Trade Determinants of Health and Equity

One influence on health that remains poorly understood at the local level is the commercial sector, despite growing evidence of its large impact on health and equity. While local businesses create jobs and contribute to the economy and health in positive ways, some commercial actors have a disproportionate impact on population health. Approximately 40% of chronic disease deaths worldwide are directly linked to just four products produced by transnational manufacturing corporations:

  • tobacco
  • ultra-processed foods
  • alcohol
  • fossil fuels

In parallel, representatives of these sectors often oppose interventions that local authorities could implement.

This topic brings together researchers from:

  • University of Bath
  • Cambridge University
  • The University of Edinburgh
  • The University of Sheffield
  • London School of Hygiene and Tropical Medicine


  • local authorities
  • local populations
  • public health practitioners, including the Association of Directors of Public Health and civil society groups

Together, they aim to understand the building blocks, including trade-offs, that affect the health of communities.

Taking a systems approach, it will use this knowledge to identify, implement and evaluate the population-level interventions most likely to improve health, well-being and equity at scale. It will also work specifically to research and address barriers to the implementation of interventions.


Professor Anna Gilmore, University of Bath

Deputy directors

Dr Eleonora Fitchera, University of Bath

Dr Nason Maani, University of Edinburgh

Improving policy modeling

How politicians deal with, or fail to deal with, the UK’s pressing economic challenges will either worsen or improve health inequalities. Economic challenges include:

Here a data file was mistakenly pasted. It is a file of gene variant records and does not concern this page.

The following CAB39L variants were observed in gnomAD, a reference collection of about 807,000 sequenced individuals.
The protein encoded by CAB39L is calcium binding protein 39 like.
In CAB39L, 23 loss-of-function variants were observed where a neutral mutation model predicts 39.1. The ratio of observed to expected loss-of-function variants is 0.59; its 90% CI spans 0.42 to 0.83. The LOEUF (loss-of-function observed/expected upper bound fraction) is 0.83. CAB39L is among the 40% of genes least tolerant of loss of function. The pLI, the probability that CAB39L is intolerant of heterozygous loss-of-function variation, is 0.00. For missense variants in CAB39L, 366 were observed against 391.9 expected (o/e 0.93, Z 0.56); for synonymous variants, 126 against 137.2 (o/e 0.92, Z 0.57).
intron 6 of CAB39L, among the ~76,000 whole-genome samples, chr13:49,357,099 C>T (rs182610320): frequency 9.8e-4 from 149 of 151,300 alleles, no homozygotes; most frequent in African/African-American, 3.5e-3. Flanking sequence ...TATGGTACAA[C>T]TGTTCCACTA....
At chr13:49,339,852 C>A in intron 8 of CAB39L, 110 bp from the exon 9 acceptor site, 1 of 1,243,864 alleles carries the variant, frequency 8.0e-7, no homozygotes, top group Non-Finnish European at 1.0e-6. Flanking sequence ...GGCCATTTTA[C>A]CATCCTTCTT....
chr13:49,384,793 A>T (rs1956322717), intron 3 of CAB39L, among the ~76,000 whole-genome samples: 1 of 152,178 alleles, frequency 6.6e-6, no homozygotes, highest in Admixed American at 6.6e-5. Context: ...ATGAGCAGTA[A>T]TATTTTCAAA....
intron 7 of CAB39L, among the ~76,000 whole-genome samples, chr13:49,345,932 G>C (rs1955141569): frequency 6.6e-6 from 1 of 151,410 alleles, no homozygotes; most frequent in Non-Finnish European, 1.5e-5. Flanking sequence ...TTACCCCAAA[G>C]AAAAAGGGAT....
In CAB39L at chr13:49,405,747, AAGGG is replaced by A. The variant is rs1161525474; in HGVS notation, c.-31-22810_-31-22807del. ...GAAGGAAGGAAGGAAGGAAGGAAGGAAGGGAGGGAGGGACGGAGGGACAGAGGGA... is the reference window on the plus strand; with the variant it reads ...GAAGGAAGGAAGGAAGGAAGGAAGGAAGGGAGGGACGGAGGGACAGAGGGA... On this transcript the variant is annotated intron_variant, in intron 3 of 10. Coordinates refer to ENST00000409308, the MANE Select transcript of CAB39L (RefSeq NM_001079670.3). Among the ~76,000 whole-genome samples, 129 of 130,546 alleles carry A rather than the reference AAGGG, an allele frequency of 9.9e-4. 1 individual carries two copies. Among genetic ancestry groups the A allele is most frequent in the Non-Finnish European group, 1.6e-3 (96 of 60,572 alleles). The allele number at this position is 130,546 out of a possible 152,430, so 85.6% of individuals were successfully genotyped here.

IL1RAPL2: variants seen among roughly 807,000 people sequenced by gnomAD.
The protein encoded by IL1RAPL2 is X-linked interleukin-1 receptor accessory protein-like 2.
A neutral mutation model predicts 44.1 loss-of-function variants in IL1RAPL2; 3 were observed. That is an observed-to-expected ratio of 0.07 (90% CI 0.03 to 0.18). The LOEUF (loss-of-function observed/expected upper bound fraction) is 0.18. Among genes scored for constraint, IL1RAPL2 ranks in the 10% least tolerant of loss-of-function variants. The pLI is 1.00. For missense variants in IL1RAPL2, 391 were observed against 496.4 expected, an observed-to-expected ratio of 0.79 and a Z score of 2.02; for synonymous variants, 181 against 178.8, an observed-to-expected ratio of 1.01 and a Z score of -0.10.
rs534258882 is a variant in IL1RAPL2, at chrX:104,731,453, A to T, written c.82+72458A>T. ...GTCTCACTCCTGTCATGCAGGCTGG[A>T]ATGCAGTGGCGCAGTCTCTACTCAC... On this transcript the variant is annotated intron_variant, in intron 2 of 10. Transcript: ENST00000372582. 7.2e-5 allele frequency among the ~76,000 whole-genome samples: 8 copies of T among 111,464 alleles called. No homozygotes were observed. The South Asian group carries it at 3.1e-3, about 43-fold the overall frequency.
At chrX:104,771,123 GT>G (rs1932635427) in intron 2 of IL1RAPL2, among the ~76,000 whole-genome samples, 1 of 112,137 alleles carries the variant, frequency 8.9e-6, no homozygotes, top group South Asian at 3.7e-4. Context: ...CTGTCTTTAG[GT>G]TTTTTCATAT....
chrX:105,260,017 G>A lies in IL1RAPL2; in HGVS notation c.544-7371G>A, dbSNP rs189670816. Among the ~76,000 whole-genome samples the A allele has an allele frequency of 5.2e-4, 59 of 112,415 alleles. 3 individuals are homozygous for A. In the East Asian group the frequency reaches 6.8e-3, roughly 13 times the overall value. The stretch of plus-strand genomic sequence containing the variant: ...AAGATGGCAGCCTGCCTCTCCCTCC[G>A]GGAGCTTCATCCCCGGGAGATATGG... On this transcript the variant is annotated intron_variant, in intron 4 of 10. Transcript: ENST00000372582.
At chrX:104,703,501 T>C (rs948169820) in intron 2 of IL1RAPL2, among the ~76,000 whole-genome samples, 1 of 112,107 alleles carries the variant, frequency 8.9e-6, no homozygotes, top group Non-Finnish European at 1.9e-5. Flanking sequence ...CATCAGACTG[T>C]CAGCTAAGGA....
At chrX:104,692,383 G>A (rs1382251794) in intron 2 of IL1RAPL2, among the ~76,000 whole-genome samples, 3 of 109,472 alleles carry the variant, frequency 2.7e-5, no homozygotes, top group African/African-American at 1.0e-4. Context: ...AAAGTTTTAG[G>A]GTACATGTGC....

• economic policies in response to the climate emergency
  • population aging
  • technological revolution

This topic will develop computer models to show how tax, welfare, pension and inheritance policies can affect health inequality outcomes to help policymakers understand their impact on people in their area. Through civic, political and advocacy engagement, she will incorporate wide-ranging insights into these models to ensure that they:

  • answers to the most pressing questions
  • inform real-world decisions
  • are appropriate and inclusive for different groups in society

The theme is a collaboration between:

  • University of Glasgow
  • University of Strathclyde
  • University of Leeds
  • The University of Sheffield
  • University of Essex
  • University of Birmingham
  • Greater Manchester Combined Authority
  • West Midlands Combined Authority
  • Glasgow City Region
  • Public Health Scotland
  • other local and national government departments and agencies, charities and civic groups


Professor Petra Meyer, University of Glasgow

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For further information about PHI-UK please contact: [email protected]